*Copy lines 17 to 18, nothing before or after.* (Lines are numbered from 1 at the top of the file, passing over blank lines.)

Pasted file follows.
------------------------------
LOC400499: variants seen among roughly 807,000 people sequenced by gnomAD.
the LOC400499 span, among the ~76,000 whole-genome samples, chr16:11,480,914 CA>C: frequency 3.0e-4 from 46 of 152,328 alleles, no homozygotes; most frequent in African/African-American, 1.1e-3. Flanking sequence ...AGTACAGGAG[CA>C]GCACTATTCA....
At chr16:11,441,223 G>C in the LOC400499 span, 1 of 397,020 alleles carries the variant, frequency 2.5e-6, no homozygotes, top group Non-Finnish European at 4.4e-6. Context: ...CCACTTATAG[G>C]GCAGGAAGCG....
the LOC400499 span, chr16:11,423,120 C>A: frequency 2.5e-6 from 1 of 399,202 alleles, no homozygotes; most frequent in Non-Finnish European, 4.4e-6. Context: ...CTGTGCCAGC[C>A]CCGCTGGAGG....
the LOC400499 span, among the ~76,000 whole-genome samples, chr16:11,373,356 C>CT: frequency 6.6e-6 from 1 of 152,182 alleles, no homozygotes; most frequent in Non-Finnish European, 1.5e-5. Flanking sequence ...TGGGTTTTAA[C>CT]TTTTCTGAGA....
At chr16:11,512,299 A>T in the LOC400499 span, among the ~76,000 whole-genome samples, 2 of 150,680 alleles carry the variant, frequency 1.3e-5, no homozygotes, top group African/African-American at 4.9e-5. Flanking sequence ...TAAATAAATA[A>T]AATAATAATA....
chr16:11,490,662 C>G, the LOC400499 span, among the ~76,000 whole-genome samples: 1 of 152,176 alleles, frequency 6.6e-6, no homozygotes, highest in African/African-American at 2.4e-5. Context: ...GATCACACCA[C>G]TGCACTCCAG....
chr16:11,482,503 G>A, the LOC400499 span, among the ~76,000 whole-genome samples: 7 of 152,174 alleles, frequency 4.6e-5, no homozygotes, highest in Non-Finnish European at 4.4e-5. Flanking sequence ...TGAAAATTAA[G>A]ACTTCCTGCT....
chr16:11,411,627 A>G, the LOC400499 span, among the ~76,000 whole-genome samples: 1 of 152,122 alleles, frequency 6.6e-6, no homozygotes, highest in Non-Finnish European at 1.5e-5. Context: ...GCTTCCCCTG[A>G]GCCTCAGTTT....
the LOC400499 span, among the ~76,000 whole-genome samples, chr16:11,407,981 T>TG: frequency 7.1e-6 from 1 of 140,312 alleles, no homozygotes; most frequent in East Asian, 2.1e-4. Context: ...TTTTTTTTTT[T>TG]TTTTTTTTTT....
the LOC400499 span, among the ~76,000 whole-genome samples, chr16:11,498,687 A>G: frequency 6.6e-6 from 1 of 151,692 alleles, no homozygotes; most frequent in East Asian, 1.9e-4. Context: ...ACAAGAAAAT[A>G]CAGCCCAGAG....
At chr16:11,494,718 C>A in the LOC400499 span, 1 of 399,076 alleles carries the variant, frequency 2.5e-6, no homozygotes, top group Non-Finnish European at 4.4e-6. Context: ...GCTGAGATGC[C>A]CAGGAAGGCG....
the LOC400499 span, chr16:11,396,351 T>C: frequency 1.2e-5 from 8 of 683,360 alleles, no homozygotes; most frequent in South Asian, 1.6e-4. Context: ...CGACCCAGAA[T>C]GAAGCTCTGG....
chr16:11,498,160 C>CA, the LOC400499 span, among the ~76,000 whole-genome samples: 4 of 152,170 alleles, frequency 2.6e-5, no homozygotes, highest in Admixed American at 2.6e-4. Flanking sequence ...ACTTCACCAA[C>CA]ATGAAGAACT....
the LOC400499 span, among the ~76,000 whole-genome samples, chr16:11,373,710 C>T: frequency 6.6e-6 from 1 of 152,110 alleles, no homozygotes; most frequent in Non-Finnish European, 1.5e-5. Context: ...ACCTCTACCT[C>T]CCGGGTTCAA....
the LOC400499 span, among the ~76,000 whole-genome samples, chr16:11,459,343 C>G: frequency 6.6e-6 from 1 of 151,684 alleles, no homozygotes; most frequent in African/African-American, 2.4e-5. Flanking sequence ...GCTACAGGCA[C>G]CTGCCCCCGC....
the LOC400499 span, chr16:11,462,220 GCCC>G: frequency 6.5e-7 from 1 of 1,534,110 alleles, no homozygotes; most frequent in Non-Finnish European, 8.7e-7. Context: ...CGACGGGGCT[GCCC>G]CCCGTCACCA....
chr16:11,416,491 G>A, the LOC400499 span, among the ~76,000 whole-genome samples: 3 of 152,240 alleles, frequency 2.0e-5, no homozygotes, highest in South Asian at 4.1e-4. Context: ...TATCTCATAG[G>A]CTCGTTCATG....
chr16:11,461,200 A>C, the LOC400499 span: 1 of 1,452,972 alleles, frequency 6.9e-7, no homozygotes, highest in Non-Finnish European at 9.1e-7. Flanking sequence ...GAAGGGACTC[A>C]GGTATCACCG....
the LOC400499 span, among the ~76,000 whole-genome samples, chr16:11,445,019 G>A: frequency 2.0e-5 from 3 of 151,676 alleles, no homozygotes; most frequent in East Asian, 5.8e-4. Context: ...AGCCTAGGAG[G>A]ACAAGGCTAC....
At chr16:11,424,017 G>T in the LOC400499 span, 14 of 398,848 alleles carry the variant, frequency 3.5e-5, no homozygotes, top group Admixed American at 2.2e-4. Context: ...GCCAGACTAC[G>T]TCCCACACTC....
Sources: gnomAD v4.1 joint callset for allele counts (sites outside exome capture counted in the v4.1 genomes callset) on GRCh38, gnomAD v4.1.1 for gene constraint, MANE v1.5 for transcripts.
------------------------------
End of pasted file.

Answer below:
the LOC400499 span, chr16:11,462,220 GCCC>G: frequency 6.5e-7 from 1 of 1,534,110 alleles, no homozygotes; most frequent in Non-Finnish European, 8.7e-7. Context: ...CGACGGGGCT[GCCC>G]CCCGTCACCA....
chr16:11,416,491 G>A, the LOC400499 span, among the ~76,000 whole-genome samples: 3 of 152,240 alleles, frequency 2.0e-5, no homozygotes, highest in South Asian at 4.1e-4. Context: ...TATCTCATAG[G>A]CTCGTTCATG....